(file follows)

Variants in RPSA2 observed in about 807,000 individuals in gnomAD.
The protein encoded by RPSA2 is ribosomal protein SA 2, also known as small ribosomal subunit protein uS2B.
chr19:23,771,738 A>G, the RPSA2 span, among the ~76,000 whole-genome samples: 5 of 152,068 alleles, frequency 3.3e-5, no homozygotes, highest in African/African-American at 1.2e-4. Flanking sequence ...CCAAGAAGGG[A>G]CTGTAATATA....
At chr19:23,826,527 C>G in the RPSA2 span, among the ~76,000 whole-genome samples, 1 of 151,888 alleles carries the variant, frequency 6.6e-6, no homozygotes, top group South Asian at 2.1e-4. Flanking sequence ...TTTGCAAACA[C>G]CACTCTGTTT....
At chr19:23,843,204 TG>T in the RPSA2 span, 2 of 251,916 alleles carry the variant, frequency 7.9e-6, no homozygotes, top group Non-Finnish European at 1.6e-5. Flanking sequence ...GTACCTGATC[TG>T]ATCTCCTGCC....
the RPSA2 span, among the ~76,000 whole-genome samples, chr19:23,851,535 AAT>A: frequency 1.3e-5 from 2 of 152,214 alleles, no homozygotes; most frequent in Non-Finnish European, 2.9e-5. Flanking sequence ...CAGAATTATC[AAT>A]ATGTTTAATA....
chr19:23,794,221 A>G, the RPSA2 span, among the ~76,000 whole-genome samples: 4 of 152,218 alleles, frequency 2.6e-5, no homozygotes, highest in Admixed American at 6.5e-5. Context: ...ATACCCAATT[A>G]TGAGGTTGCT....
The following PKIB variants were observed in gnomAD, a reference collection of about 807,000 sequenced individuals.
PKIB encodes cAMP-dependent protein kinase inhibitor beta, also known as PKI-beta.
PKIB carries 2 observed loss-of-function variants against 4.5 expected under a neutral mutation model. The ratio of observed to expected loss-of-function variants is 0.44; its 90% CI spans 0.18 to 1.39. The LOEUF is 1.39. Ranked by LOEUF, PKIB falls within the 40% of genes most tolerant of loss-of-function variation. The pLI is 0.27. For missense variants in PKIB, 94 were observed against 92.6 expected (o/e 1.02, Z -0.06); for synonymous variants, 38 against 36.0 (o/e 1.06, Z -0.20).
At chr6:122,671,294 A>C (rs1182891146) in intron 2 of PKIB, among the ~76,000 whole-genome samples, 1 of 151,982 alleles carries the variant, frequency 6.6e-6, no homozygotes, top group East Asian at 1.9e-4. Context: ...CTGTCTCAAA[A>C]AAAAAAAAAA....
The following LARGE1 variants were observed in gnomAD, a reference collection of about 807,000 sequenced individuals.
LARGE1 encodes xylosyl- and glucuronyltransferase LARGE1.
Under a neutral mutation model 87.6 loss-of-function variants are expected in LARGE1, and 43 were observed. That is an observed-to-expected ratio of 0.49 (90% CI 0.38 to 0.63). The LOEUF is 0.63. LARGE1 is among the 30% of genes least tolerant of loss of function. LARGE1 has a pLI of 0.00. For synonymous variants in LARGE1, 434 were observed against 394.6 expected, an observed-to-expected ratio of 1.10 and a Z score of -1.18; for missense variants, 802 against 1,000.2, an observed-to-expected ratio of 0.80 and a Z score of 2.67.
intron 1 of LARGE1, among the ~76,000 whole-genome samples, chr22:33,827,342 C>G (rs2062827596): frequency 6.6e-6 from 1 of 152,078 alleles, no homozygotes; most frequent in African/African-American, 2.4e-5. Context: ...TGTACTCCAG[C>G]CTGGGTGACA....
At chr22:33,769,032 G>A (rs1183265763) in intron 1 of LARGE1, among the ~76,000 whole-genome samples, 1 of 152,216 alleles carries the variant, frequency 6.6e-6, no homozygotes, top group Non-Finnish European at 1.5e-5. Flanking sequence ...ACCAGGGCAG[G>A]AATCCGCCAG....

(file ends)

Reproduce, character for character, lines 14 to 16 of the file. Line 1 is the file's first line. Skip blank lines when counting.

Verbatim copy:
Under a neutral mutation model 87.6 loss-of-function variants are expected in LARGE1, and 43 were observed. That is an observed-to-expected ratio of 0.49 (90% CI 0.38 to 0.63). The LOEUF is 0.63. LARGE1 is among the 30% of genes least tolerant of loss of function. LARGE1 has a pLI of 0.00. For synonymous variants in LARGE1, 434 were observed against 394.6 expected, an observed-to-expected ratio of 1.10 and a Z score of -1.18; for missense variants, 802 against 1,000.2, an observed-to-expected ratio of 0.80 and a Z score of 2.67.
intron 1 of LARGE1, among the ~76,000 whole-genome samples, chr22:33,827,342 C>G (rs2062827596): frequency 6.6e-6 from 1 of 152,078 alleles, no homozygotes; most frequent in African/African-American, 2.4e-5. Context: ...TGTACTCCAG[C>G]CTGGGTGACA....
At chr22:33,769,032 G>A (rs1183265763) in intron 1 of LARGE1, among the ~76,000 whole-genome samples, 1 of 152,216 alleles carries the variant, frequency 6.6e-6, no homozygotes, top group Non-Finnish European at 1.5e-5. Flanking sequence ...ACCAGGGCAG[G>A]AATCCGCCAG....